The Noonday Witch: The terrors of parenthood
by Martin Kudláč
- KARLOVY VARY 2016: Czech filmmaker Jiří Sádek's psychological horror-drama approaches the topic of parenthood from the vantage point of genre film
The Czech title The Noonday Witch [+see also:
interview: Jiří Sádek
film profile] was selected in competition in the East of the West section, for debut and sophomore features from Central and Eastern Europe, of the Karlovy Vary International Film Festival. Emerging talent Jiří Sádek, after several award-winning short films, directed this feature-length project written by Michal Samir, another representative of the emerging new generation of Czech filmmakers, who debuted with the one-shot wonder Hany [+see also:
interview: Michal Samir
film profile]. In addition, The Noonday Witch was produced by Matěj Chlupáček, who managed to finish his directorial debut, Touchless [+see also:
interview: Matěj Chlupáček
film profile], by the age of 19 – without even attending film school!
Samir’s script is based on the ballad of the same name by famous Czech romantic poet Karel Jaromír Erben, which develops a mother’s frustration at being left alone with her child while tending to a household. The mother tries to scare the child into behaving, saying a demonic entity, the Noonday Witch, will snatch him when the clock strikes twelve in the bright daylight. Samir fleshed out this core for the feature-length format while also tweaking the initial substance to better suit the contemporary viewer.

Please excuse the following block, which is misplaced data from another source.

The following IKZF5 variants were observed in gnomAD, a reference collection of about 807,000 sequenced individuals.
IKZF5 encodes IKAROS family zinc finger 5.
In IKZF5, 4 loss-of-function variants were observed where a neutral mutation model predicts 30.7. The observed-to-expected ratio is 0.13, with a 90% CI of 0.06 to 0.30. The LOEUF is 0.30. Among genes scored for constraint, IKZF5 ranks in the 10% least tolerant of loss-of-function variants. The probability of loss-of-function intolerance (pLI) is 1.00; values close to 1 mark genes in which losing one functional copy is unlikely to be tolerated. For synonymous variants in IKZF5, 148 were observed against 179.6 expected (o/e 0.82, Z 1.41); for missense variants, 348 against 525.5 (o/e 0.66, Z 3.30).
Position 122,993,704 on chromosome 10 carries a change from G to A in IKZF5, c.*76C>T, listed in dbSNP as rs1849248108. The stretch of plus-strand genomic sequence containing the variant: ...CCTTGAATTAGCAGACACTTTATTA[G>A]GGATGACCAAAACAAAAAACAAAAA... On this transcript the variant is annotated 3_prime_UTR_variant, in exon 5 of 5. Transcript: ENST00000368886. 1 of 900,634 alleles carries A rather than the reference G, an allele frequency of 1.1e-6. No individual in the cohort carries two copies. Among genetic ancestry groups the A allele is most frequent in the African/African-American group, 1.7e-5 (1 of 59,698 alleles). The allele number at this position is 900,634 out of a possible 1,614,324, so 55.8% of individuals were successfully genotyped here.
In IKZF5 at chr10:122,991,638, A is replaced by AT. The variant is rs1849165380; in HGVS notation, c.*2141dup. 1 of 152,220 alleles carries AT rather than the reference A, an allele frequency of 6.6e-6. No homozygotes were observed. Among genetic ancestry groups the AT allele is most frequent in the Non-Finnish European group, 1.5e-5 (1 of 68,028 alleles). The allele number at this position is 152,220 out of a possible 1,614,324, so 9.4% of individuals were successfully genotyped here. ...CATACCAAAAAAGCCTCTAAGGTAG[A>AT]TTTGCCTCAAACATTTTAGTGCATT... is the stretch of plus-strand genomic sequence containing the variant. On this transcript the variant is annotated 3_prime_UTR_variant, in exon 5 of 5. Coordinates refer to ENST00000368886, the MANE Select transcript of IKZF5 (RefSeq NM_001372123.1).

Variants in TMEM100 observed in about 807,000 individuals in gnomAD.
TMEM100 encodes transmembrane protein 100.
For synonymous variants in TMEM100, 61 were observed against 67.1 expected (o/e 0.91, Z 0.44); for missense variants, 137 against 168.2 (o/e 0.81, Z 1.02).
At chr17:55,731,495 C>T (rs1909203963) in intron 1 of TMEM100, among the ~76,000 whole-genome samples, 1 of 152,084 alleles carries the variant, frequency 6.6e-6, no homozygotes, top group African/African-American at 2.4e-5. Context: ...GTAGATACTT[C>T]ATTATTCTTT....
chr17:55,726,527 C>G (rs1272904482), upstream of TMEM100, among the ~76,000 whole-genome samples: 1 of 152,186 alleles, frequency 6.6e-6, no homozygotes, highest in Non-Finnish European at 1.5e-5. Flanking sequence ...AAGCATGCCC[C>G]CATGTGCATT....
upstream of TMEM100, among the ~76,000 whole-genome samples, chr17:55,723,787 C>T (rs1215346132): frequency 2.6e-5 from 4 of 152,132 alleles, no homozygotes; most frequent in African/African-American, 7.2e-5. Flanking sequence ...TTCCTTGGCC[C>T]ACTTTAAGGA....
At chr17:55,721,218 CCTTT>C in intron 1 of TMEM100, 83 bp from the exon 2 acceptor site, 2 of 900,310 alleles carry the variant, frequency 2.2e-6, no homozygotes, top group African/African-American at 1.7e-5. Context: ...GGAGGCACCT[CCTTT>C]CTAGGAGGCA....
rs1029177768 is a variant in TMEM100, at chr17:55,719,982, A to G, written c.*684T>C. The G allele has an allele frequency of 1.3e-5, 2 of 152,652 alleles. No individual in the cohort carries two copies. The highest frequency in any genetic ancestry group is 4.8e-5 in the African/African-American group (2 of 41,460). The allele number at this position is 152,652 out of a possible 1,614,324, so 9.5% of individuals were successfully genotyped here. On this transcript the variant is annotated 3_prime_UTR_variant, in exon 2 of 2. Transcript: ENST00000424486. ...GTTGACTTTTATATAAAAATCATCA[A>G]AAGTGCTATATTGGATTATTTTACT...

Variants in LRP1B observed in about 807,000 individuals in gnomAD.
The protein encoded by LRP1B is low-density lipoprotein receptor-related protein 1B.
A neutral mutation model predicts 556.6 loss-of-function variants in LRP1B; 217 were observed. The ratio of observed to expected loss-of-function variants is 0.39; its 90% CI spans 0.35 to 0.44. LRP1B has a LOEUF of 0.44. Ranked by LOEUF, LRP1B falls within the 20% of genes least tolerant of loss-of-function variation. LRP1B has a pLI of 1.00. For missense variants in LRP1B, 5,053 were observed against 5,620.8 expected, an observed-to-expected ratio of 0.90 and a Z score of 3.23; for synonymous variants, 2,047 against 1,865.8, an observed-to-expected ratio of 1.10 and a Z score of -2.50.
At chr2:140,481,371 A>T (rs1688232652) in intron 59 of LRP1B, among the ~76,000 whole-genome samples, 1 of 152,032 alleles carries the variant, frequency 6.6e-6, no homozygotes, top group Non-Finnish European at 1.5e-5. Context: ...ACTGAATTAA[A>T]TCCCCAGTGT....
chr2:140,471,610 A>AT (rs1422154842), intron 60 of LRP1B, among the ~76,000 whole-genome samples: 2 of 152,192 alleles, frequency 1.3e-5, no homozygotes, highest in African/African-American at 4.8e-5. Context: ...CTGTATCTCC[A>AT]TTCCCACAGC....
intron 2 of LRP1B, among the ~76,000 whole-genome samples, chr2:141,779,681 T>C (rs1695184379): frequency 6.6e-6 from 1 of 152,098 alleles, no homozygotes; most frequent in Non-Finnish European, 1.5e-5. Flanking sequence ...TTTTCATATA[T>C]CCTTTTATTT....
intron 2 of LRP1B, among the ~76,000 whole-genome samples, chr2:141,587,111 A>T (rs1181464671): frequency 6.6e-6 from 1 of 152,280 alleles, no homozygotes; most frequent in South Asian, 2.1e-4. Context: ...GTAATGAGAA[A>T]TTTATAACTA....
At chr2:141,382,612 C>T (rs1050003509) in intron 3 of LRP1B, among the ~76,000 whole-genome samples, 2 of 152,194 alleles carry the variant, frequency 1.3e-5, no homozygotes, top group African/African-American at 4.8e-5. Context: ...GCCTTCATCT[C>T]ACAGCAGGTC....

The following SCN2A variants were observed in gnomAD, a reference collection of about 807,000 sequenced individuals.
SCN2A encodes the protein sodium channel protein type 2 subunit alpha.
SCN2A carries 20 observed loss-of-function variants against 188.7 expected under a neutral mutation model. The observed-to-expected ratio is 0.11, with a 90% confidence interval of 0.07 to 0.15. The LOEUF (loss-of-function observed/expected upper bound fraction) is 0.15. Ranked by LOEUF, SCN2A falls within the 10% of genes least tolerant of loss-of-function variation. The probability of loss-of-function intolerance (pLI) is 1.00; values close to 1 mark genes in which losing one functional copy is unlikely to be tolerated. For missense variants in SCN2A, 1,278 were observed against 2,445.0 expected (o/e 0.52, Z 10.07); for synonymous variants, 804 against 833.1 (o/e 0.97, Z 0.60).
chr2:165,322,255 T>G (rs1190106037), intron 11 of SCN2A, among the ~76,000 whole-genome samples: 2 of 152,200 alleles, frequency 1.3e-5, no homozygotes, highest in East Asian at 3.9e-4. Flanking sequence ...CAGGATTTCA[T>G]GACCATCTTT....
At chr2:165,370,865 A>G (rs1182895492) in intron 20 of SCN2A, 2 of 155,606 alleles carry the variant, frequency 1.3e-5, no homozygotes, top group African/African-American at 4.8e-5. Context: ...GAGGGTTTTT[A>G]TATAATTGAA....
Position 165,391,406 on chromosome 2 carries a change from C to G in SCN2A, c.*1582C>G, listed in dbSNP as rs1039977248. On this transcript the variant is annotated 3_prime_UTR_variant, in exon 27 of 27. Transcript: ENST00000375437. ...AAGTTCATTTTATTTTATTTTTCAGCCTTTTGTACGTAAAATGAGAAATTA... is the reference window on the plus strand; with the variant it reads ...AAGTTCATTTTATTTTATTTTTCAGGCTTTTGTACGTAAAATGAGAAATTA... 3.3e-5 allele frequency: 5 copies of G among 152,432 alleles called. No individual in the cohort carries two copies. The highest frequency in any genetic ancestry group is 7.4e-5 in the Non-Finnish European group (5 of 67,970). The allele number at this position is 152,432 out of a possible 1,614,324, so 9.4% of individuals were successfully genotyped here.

Eliška, played superbly by one of the hottest Czech actresses around at the moment, Aňa Geislerová, returns to her husband’s old house, her little daughter in tow, under the rays of the scorching sun. As her daughter awaits her father’s return, Eliška tries to stop their lives from crumbling apart as family finances run dangerously low. Soon it is not only the daughter’s unanswered question about her father’s whereabouts that haunts Eliška, but also a mentally unstable local woman who starts bothering them about a force threatening to abduct the child.
Sádek and Samir re-animate Erben’s poem in the topical space of parental emotional and material responsibility, two millstones grinding away at the sanity of the film’s protagonist. Genres collide and Sádek applies a refreshing approach to worn-out horror tropes, outside the conventions, in what manifests itself as the choice to set the terror in broad daylight, reworking the haunted-house formula. This eventually pushes the story beyond the boundaries of horror and into the realms of psychological drama. The nightmarish imagery surrounding Eliška and her daughter becomes an externalised manifestation of Eliška’s existential dread as her life spirals out of control, and the pressure, anxiety and frustration reach breaking point. Considerable credit for the atmosphere of The Noonday Witch must also go to experienced DoP Alexander Šurkala, who, shooting on 35 mm, turns the heat and sunkissed fields into a harrowing and crescendoing experience, vividly evoking the protagonist’s state of mind and creeping paranoia.
Sádek’s oeuvre ranks among his country’s attempts to revitalise genre film, following last year’s found-footage horror Ghoul [+see also:
film profile] by Peter Jákl, emulating American sub-genre tropes, and Andy Fehu’s lo-fi indie horror The Greedy Tiffany [+see also:
film profile]. The Noonday Witch represents the marriage between drama and genre, using the elements of the latter to demonstrate the price of protecting one’s child. Sádek succeeds in transferring this current topic, usually locked within the confines of social realism, into genre territory without losing the urgency of his subject matter.